FDA approves GM salmon for sale in the US

The U.S. Food and Drug Administration (FDA) has granted permission for genetically-modified salmon to be sold in the United States.

The FDA has granted an application from AquaBounty Technologies, a company based in the U.S. state of Massachusetts that has been seeking permission to sell its genetically-modified salmon under the brand name AquAdvantage, according to an announcement on the FDA’s website today.

“The FDA has thoroughly analyzed and evaluated the data and information submitted by AquaBounty Technologies regarding AquAdvantage Salmon and determined that they have met the regulatory requirements for approval, including that food from the fish is safe to eat,” said Bernadette Dunham, director of the FDA’s Center for Veterinary Medicine.

The FDA announced the approval as part of a collection of decisions regarding genetically-modified plants and animals used for food. The AquaBounty decision marks the first approval for a genetically engineered animal intended for food in the United States.

The FDA did not issue a labeling requirement, but did offer guidance “for manufacturers who wish to voluntarily label their products as containing ingredients from GE or non-GE sources”

A statement from the company on the FDA’s ruling described AquAdvantage as a product that will help meet the country’s demand for farmed salmon efficiently and with a minimal impact on the environment.

“AquAdvantage Salmon is a game-changer that brings healthy and nutritious food to consumers in an environmentally responsible manner without damaging the ocean and other marine habitats,” AquaBounty CEO Ron Stotish said in the statement. “Using land-based aquaculture systems, this rich source of protein and other nutrients can be farmed close to major consumer markets in a more sustainable manner.”

AquaBounty has had a long time to wait for the FDA’s approval – the company’s initial application dates back to 1995. The company and its product have faced fierce opposition from groups ranging from NGOs to government officials. Former Sen. Mark Begich of Alaska famously described the company’s AquAdvantage Salmon product as “Frankenfish” in 2010, an unflattering moniker that has stuck ever since. After today’s ruling, U.S. congressmen and senators from Alaska were quick to respond. Sen. Lisa Murkowski, R-Alaska, also using the term “Frankenfish,” noted this summer she introduced a bill with a labeling requirement for those selling GM salmon. That bill, she said, is all the more important now.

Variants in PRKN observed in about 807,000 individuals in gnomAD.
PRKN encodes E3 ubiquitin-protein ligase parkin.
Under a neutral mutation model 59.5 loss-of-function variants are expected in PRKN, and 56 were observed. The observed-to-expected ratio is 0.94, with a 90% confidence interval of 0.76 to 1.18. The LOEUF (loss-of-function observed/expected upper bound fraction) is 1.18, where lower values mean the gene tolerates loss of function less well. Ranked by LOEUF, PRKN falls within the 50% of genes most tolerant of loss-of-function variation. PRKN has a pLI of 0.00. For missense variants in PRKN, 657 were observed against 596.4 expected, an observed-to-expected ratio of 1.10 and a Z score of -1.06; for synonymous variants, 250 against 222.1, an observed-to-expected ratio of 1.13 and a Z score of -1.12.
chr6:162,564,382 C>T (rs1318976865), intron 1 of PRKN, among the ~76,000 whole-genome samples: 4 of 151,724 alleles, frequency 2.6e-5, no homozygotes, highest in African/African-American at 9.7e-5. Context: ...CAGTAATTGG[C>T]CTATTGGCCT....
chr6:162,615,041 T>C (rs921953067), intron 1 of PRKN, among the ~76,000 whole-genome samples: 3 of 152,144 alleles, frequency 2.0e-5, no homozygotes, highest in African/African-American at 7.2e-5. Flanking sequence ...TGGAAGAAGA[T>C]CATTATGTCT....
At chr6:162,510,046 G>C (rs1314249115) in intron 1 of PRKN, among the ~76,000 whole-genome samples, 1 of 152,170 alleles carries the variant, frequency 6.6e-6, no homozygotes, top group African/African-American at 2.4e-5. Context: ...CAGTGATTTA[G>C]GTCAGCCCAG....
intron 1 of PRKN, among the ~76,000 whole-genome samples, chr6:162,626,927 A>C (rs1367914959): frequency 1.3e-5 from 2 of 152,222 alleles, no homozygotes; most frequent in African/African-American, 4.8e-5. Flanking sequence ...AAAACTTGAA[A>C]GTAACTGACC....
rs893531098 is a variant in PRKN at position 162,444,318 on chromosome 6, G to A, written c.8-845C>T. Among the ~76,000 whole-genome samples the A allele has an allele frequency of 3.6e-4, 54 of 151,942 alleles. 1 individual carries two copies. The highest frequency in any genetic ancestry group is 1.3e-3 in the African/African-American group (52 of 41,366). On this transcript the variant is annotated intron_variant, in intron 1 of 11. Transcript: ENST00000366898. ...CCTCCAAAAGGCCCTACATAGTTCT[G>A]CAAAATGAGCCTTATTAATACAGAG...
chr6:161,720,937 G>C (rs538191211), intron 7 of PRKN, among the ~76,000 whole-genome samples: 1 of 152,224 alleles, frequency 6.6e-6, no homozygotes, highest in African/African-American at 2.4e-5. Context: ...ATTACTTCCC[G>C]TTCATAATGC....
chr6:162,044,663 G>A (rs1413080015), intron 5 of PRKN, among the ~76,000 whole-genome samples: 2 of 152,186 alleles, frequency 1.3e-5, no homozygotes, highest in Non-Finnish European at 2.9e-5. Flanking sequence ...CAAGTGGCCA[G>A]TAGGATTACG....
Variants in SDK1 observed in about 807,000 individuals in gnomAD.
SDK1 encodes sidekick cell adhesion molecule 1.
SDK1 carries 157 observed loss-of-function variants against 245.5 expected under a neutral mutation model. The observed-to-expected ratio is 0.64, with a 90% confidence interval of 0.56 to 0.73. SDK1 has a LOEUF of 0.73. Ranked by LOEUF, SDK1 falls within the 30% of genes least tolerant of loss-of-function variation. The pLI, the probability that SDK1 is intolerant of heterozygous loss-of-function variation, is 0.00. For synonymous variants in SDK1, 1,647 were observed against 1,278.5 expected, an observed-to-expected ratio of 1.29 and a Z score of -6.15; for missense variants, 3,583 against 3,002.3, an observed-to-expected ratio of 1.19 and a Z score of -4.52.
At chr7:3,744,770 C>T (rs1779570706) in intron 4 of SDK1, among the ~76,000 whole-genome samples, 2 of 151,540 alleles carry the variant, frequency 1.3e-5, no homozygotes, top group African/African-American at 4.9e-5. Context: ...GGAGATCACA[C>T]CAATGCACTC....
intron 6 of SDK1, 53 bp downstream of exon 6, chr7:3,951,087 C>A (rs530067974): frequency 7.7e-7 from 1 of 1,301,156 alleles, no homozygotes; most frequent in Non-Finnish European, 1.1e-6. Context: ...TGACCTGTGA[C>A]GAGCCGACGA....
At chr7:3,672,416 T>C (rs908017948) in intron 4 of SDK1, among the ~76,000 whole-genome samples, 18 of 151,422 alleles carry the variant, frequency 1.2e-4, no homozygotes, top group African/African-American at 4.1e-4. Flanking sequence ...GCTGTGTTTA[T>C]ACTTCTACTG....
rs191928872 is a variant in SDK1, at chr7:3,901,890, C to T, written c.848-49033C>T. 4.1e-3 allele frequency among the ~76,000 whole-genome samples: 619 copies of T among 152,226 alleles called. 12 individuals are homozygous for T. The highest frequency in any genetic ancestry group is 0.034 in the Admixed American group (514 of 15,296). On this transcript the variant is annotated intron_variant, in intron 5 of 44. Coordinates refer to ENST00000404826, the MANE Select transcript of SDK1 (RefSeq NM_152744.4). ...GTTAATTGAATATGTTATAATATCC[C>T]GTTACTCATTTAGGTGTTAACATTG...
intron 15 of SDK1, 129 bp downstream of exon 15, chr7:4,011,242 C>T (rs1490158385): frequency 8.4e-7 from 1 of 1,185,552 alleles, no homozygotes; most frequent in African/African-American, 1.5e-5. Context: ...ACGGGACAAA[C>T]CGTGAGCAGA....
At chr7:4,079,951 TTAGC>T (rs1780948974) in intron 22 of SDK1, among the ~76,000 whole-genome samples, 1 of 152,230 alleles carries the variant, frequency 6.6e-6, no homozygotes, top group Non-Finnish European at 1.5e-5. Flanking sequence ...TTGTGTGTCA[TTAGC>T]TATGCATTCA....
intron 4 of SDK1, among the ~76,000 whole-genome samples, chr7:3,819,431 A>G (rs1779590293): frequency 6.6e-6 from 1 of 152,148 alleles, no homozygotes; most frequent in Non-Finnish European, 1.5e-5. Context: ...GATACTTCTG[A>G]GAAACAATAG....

“I am livid at the FDA’s announcement to approve genetically engineered ‘salmon’—what seems to be more science experiment than fish or food,” Murkowski said. “I have adamantly opposed the approval of GE salmon, both for the health of Americans and the sustainability of our fisheries, but now that the decision has been made, the next step must be to ensure that Americans know what they are consuming.”

Dana Perls, food and technology campaigner for environmental NGO Friends of the Earth, noted more than 60 grocery store chains, representing more than 9,000 stores in the United States, have issued past statements to Friends of the Earth and other NGOs pledging not to sell GM salmon.

“It’s really clear that the majority of consumers don’t want to eat this poorly-studied and poorly-labeled fish,” she said.

Major NGO concerns, Perls said, in part include fears that the salmon will escape an open-ocean pen and begin interbreeding with wild salmon, damaging the wild salmon gene pool. AquaBounty’s statement indicated the company was planning to raise its salmon in land-based aquaculture systems, but Perls said she was concerned the company would use other facilities to hatch eggs and raise juveniles, and those need to be watched and regulated, too.

“It’s not just the final state that we have to be concerned about. It’s the entire process,” she said.

Perls said a big part of the problem is what she perceives as a lack of adequate regulation by the U.S. and foreign governments. More oversight, she said, might change the positions of GM salmon’s detractors, but the oversight isn’t there yet.

“Until that is done, we should not have new GMO approvals,” she said.

Check out the history of AquaBounty's fight for FDA approval of its GM salmon product.


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